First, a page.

ClinGen Dosage Sensitivity Curation Page


Curation Status: Complete

Gene Information

Location Information

Evidence for Loss Phenotypes

Evidence for loss of function phenotype
PubMed ID Description
27824329 Study sequences 189 autism risk genes in a 1,543 Chinese ASD probands (1,045 from trios). Two de novo DSCAM disrupting variants (defined as nonsense, frameshift or splice site) in 1,086 Chinese ASD trios. Also one maternally inherited DSCAM disrupting variant (maternal phenotype unclear). Also, 20 missense variants, mostly inherited.
25363768 Simons Simplex Collection exome paper, >2500 autism simplex families. Exomes for 2,508 affected children (& parents) and 1,911 unaffected siblings. Three de novo DSCAM disrupting variants in probands (and one de novo missense in an unaffected sibs).
25363760 Autism Sequencing Consortium 2014 paper. Exomes of 3,871 autism cases and 9,937 ancestry-matched or parental controls. One case de novo loss of function, one control loss of function. Controls: 2672 UK 10K case-control - healthy individuals from two intensively studied British cohorts of European ancestry, namely the Avon Longitudinal Study of Parents and Children (ALSPAC)13 and TwinsUK14 2526 Swedish controls - controls were randomly selected from Swedish population registers. Control inclusion criteria: never hospitalized for schizophrenia or bipolar disorder, both parents born in Scandinavia, age?18 years. 861 ARRA Autism Sequencing Consortium case-control - unrelated cases and controls. In total 6059 unrelated controls.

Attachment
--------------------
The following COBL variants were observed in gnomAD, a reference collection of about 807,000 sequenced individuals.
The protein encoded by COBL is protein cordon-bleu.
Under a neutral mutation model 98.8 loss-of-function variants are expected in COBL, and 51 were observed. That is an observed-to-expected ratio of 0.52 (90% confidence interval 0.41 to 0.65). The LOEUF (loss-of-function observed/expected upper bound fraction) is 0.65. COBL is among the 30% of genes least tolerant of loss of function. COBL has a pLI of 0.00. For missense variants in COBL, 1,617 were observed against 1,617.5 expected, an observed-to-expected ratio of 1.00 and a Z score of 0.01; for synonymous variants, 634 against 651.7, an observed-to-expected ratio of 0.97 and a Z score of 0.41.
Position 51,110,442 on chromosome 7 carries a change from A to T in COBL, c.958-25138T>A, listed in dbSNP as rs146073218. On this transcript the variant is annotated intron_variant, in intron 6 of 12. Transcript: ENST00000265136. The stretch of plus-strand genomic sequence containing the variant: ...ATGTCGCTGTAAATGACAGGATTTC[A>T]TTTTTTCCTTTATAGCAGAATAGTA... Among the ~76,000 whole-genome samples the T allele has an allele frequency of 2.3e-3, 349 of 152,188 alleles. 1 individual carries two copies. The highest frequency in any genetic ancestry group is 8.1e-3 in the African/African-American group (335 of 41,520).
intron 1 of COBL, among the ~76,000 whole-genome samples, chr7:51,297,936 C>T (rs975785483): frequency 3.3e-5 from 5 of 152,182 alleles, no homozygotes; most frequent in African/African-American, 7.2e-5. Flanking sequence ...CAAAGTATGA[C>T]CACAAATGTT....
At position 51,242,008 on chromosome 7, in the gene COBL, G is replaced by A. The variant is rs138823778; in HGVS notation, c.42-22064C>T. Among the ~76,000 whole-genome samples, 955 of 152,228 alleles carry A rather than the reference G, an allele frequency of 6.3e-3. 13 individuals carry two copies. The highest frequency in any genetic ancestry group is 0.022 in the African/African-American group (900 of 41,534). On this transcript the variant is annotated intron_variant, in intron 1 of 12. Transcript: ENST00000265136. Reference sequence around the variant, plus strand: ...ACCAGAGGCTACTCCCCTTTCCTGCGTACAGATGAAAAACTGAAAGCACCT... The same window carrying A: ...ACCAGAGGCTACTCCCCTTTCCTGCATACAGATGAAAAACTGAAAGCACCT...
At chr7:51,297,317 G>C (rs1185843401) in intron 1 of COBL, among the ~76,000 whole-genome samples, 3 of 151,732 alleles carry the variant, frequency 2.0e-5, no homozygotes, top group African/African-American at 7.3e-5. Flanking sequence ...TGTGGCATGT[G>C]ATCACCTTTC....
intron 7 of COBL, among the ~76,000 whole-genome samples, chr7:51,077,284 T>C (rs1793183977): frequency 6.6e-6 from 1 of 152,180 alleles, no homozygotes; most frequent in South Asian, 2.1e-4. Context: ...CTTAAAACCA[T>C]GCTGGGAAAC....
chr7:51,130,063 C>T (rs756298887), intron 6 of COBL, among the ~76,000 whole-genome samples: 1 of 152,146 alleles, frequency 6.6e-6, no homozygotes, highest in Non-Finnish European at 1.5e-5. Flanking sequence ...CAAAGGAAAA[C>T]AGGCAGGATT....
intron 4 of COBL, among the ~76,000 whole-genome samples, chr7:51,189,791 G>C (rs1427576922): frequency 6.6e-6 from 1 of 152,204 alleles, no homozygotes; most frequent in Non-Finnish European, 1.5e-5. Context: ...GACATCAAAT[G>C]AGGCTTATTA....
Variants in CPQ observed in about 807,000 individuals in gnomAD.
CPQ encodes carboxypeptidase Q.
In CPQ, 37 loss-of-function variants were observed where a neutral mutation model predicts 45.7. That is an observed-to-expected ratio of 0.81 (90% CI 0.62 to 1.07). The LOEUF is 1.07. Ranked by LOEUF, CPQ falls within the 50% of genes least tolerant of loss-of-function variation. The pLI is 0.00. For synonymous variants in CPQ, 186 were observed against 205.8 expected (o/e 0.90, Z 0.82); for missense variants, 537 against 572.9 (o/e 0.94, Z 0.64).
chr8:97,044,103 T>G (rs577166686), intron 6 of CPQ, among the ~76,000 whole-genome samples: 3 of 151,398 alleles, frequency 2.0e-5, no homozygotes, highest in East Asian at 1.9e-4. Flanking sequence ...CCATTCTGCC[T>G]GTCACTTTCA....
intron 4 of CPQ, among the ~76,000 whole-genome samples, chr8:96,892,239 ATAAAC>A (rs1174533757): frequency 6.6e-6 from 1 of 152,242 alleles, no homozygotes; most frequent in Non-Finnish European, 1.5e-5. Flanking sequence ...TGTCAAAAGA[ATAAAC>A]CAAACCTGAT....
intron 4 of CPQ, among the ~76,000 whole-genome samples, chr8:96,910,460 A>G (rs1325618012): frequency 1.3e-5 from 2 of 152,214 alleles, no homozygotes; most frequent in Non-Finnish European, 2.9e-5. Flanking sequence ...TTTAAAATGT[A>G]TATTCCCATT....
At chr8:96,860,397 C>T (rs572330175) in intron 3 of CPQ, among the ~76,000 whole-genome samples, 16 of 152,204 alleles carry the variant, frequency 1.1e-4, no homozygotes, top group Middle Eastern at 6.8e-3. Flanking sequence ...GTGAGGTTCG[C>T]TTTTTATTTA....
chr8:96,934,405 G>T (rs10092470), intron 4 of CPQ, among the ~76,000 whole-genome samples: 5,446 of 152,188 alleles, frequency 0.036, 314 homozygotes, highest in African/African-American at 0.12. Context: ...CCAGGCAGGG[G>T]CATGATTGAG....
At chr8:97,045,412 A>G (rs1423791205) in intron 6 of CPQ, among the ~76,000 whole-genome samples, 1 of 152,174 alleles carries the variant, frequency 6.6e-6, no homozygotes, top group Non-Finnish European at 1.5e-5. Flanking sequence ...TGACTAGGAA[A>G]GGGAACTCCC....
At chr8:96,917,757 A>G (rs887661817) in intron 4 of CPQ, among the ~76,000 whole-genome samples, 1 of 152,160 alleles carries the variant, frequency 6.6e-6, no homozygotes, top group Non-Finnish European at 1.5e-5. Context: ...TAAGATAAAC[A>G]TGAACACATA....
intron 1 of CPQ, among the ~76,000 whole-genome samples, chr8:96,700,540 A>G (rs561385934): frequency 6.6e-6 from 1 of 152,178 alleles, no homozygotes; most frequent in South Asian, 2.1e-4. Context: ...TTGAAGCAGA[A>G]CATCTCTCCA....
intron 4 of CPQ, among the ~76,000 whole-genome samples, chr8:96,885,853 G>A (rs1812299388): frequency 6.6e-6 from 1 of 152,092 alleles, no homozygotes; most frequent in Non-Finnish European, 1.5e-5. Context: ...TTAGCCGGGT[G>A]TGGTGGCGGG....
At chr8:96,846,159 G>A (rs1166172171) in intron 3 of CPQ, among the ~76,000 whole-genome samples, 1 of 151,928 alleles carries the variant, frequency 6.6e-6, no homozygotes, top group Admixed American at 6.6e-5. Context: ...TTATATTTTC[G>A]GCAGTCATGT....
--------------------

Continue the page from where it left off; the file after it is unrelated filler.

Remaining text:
Evidence for Triplosenstive Phenotype

NOTE:The loss of function score should be used to evaluate deletions, and the triplosensitivity score should be used to evaluated duplications. CNVs encompassing more than one gene must be evaluated in their totality (e.g. overall size, gain vs. loss, presence of other genes, etc). The rating of a single gene within the CNV should not necessarily be the only criteria by which one defines a clinical interpretation. Individual interpretations must take into account the phenotype described for the patient as well as issues of penetrance and expressivity of the disorder. ACMG has published guidelines for the characterization of postnatal CNVs, and these recommendations should be utilized (Genet Med (2011)13: 680-685). Exceptions to these interpretive correlations will occur, and clinical judgment should always be exercised.